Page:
As we enter this post-Thanksgiving and pre-holiday season, life does get quite a bit more hectic. In the academic world, it’s the surge to end the semester, prepare for the holidays, finish off the year and continue to plan for the next year. Added to all this are the pressures in the world filled with global crises – war, political upheaval, racism, violence, climate change (and unfortunately, the list could go on… and on). It’s easy to feel helpless with a loss of control and increased frustration in realizing the difficulty in improving changing the world situation.
We can feel a loss of control in these situations, however, we can control our reaction to all these pressures. As preventive medicine specialists we know the elements of self-care that become critical at such a point. Let’s make sure we do indeed practice what we preach. Are we putting in the effort and paying attention to trying to attain that complete state of health – physical, mental and social well-being? Especially during the holiday season, the role of exercise, a healthy diet, moderation in alcohol use and clearing one’s mind become crucial aspects to our self-care.
But a self-care model goes a bit beyond these activities. A key component in self-care is not to be just an observer but also to fulfill the motivation to act – to do something to improve the world around us. The world will not change for the better without our actions. Donate, advocate, volunteer...do!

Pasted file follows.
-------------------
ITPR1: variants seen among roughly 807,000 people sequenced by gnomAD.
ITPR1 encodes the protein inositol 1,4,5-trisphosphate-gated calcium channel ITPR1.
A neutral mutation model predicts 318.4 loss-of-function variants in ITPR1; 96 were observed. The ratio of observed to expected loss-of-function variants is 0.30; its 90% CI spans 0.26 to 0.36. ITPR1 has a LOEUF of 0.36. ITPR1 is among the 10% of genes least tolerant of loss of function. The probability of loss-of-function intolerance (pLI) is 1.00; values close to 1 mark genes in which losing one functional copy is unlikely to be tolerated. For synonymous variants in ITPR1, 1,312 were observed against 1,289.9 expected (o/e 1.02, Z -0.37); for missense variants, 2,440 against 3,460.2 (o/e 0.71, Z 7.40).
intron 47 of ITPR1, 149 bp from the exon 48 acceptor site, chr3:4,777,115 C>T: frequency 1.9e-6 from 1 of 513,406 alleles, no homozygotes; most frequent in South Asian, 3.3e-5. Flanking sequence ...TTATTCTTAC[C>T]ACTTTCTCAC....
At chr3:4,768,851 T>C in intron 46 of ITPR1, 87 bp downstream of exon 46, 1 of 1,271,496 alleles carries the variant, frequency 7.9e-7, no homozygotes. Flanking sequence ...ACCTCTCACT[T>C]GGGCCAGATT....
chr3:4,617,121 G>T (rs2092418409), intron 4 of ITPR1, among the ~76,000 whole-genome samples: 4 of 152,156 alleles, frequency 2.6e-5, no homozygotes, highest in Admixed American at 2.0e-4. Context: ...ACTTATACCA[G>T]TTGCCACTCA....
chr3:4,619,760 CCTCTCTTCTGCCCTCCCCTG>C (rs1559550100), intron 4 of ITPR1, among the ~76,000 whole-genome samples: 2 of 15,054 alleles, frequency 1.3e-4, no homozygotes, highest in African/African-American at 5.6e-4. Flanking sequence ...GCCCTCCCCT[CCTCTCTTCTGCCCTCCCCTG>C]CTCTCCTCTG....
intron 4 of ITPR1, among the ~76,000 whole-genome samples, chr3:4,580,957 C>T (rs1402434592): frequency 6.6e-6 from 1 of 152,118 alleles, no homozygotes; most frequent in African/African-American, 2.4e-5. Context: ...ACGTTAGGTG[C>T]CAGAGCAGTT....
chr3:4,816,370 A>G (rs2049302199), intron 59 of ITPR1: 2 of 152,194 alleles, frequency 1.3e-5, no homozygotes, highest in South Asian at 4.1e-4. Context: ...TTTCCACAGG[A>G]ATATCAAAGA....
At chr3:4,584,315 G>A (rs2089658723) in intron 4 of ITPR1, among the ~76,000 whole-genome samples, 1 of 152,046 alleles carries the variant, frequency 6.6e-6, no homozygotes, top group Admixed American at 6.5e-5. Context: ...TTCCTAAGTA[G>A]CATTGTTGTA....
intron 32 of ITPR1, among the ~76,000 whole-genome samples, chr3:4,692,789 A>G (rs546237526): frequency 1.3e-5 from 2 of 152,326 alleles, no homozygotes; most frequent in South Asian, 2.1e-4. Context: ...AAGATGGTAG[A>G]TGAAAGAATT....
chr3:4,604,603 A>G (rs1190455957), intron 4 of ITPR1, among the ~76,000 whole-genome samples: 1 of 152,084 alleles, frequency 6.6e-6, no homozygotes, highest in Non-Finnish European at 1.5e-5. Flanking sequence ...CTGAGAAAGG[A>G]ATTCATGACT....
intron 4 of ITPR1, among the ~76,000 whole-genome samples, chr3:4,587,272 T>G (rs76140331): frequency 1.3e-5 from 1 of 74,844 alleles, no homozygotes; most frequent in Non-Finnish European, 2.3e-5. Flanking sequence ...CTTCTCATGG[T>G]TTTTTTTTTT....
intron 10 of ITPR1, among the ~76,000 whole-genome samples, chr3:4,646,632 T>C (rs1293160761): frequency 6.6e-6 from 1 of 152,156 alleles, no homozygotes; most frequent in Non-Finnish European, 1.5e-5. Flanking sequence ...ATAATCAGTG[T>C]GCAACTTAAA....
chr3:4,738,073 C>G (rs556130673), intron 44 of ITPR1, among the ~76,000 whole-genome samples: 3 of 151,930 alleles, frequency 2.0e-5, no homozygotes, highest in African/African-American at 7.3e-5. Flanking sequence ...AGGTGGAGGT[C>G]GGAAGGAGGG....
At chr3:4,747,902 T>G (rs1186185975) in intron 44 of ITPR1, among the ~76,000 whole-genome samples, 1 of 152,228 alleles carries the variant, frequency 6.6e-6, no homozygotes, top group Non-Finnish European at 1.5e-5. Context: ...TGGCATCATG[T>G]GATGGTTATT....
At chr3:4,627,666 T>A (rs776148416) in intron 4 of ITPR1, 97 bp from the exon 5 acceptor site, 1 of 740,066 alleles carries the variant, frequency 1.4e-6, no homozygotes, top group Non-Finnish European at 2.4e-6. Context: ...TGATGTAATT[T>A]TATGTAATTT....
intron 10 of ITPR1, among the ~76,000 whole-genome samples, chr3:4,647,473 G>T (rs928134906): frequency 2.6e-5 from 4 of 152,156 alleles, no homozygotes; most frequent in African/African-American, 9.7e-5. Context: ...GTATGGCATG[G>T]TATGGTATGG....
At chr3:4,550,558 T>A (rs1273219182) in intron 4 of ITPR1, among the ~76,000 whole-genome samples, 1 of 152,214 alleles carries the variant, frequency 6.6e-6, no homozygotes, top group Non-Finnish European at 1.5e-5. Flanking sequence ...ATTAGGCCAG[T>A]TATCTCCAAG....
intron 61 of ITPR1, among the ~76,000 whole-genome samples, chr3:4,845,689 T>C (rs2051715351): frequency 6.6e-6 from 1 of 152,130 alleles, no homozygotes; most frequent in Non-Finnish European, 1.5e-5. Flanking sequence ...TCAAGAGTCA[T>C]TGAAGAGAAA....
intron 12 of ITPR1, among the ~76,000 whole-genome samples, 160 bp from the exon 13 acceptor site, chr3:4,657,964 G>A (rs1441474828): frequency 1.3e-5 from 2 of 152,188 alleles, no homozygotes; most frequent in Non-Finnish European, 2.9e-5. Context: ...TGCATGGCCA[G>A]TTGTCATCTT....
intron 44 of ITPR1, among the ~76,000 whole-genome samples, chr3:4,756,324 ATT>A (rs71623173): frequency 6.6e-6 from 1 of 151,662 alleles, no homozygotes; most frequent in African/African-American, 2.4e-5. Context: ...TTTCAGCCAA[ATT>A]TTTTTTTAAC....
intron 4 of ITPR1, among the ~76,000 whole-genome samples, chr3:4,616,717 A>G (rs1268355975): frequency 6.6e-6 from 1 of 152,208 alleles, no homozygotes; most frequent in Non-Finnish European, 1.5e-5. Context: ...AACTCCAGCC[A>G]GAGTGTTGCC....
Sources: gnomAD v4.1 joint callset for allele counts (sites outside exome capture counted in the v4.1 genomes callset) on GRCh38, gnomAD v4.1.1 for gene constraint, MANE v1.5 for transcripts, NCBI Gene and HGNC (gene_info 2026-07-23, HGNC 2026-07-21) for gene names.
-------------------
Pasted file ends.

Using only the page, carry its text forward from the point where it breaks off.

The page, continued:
I just returned from a week in wartime Kyiv, Ukraine, where I presented a keynote at the International Healthcare Summit on the topic of “War as a Complex Public Health Emergency.”. Part of the message is that prevention of war is key. Just spending a week in an atmosphere of great interactions amongst a community of non-government organizations, Ukrainian Ministry of Defense and Ministry of Health officials, front-line responders and healthcare heroes, volunteers and donors was uplifting. People were “doing.”. But the war-time atmosphere, the air-raid sirens, the tension in the streets and seeing the physical and mental human toll of war was sobering. I realized firsthand in that very unique and stressful environment the importance of self-care through my activities (exercise, diet, meditation) and my actions (being a part of a path forward). I couldn’t control the war, but I realized I could control my reaction to the environment of war.
Prev med Docs, let’s do it! Take control — take care of yourselves!
Boris D. Lushniak, MD, MPH, FACPM